• Are ready for a live-away experience
  • Have a longer attention span
  • Are aware of others and are willing to share
  • Desire acceptance from their peers
  • Need close friendships with playmates
  • Are able to express themselves freely in art forms and play
  • Desire better skills performance are interested in group games and activities
  • Want everyone to obey stated rules and regulations
  • Strongly identify with own sex and age group

The "Tween" Years
Not quite children and not quite teenagers, camper’s ages ten to twelve are beginning to gain more awareness of themselves and their skills. Making friends and being accepted by their peers is a growing concern. Campers in this age group also:

  • Have a strong desire for a live-away experience
  • Want to be together in groups and teams
  • Have the patience to work toward short-term goals
  • Form cliques and friendships with own sex and age group
  • Seek status through excellence in skills and knowledge of grown-up things
  • Are fairly competitive in teams and individual activities
  • Have a growing concern with their physical size and appearance
  • Boys and girls can work and socialize in programs where they share planning responsibilities
  • Like to make, do, and collect things
  • Enjoy being mischievous and daring

Seeking Independence
Camper’s ages twelve to fifteen are becoming more independent, growing away from family ties and influences. However, they still want adult supervision and adult attention to their daily needs. Other traits include:

  • A strong drive for conformity with own age group
  • Intense feelings and emotions
  • Being greatly influenced by popular adults and teenage idols
  • Rapidly changing interests and ambitions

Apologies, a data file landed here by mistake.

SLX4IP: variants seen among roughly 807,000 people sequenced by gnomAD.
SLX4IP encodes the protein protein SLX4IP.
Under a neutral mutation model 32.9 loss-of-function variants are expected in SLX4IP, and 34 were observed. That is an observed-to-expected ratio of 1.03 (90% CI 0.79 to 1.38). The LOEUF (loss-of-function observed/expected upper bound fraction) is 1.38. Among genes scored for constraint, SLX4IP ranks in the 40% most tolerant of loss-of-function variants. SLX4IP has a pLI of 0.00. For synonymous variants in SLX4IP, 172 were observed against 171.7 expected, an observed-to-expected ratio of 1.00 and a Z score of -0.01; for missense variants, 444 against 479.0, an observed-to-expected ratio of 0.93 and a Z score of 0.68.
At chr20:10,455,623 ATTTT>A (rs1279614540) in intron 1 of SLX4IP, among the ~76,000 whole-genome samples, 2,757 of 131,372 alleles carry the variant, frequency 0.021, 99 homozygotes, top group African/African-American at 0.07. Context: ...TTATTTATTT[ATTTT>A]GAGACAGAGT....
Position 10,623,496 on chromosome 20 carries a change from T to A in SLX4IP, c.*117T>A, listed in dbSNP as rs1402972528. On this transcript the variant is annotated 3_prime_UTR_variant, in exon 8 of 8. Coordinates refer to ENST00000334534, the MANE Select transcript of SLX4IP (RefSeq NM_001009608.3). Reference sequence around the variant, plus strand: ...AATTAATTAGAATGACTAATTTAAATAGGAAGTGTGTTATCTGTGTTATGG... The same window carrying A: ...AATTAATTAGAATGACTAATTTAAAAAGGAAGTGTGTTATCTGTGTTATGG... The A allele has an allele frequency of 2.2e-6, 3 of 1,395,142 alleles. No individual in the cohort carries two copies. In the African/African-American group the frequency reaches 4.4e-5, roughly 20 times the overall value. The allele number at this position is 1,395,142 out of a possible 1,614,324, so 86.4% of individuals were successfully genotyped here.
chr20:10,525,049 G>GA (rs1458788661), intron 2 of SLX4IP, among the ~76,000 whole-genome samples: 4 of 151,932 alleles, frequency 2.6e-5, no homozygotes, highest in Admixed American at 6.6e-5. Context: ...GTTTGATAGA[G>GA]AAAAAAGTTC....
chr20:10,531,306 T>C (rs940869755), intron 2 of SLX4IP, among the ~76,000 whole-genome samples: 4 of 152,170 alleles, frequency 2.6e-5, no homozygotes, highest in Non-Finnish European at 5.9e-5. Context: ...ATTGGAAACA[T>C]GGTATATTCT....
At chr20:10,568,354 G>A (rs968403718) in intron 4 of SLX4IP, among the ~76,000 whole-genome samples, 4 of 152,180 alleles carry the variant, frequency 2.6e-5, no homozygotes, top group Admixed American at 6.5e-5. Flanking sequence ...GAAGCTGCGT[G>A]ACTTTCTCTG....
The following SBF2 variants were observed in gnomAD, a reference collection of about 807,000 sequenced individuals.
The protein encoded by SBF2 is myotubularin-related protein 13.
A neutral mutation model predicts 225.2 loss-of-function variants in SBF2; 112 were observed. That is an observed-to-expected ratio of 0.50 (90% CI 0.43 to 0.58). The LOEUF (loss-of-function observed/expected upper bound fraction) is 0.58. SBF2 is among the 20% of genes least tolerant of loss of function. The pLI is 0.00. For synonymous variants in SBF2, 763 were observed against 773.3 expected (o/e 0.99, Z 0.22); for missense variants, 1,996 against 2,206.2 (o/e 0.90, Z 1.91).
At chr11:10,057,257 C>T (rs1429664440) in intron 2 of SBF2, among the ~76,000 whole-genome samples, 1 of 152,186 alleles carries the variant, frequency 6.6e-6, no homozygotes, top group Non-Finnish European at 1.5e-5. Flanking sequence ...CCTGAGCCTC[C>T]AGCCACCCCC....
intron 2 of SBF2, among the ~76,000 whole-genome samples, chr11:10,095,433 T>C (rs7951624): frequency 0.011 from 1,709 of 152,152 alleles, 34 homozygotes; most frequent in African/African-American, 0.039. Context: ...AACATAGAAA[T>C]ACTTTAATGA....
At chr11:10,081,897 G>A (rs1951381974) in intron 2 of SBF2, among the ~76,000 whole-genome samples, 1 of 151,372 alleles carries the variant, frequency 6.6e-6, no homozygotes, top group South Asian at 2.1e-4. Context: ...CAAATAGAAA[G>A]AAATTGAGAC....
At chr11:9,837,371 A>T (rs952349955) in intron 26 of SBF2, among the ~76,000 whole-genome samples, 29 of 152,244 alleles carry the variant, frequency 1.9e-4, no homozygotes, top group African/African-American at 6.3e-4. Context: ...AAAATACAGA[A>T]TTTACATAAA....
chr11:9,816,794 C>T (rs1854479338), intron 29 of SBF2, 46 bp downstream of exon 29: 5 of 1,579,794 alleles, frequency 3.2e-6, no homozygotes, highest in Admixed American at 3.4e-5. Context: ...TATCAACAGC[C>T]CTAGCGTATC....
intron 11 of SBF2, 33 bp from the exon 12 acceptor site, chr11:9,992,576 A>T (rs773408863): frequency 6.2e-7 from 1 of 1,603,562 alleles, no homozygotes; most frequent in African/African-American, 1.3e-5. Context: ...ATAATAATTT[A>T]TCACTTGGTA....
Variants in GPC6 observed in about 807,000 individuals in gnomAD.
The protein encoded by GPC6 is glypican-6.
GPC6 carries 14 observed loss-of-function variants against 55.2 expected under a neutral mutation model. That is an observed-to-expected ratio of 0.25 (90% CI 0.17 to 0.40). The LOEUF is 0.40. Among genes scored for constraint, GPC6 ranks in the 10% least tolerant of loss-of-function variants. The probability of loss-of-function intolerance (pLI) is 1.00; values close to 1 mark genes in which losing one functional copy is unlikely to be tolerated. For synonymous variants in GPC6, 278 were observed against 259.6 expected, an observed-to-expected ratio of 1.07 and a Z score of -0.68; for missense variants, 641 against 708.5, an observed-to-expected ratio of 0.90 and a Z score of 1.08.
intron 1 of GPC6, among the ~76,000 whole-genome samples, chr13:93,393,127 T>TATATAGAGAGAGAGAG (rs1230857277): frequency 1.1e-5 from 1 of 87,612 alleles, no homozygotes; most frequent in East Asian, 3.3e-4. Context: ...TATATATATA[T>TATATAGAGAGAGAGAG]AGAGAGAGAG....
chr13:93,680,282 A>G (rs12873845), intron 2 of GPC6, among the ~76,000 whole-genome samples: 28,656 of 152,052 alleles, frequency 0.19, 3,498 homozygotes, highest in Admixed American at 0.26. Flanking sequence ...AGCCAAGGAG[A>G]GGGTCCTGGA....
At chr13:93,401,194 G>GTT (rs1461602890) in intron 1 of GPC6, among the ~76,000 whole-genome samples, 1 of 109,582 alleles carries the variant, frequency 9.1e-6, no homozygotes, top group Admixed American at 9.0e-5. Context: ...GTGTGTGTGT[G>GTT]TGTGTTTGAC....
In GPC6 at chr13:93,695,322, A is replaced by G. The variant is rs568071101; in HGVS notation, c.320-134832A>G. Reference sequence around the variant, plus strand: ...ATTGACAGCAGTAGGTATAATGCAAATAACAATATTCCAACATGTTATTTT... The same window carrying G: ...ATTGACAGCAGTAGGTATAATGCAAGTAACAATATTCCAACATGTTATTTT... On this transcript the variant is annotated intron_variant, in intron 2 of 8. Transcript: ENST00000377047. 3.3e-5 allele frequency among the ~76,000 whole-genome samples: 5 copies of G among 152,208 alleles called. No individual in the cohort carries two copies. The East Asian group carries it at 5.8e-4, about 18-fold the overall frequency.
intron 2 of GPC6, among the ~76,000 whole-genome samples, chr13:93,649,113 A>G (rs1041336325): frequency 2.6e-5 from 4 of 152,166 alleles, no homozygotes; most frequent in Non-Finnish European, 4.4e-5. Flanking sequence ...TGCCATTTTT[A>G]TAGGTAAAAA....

• A long interest span and increasing capacity for self-discipline
  • A preference for competition with outside groups over competition with friends
  • Idealism about the world at large
  • Concern with their personal appearance, self-consciousness and inhibition
  • The state of puberty; girls begin to menstruate, boys’ sex glands begin to function actively
  • Boys and girls can work together on projects better than they can socialize

Impatient to Grow Up
Campers ages fifteen to seventeen are eager to grow up. They want independence and responsibility. At the same time, they are beginning to think about their future and possible career plans. Campers in this age group also:

  • Want to earn money for independence and freedom
  • Desire increased responsibility
  • Need to be treated as young adults
  • Occasionally revert to childish behavior
  • Are very critical of self
  • Seek prestige and belonging to the power group
  • Are able to concentrate and specialize in selected skills and interests
  • Expansive and changing ambitions
  • Are encountering a conflict between idealism and materialism
  • Develop crushes with depth of feeling
  • Tend to cover own weaknesses with similar weaknesses of the group

In addition to these characteristics, all children and teens want to know what they are respected, loved, and valued for who they are. Show campers that you care, and they will show you respect.

Information in this article is from Camper Guidance: A Basic Handbook by J.W. Bloom and A.C. Ballentine, et al. A related book is Camp is for the Camper.

Originally published in the 1999 May/June issue of Camping Magazine.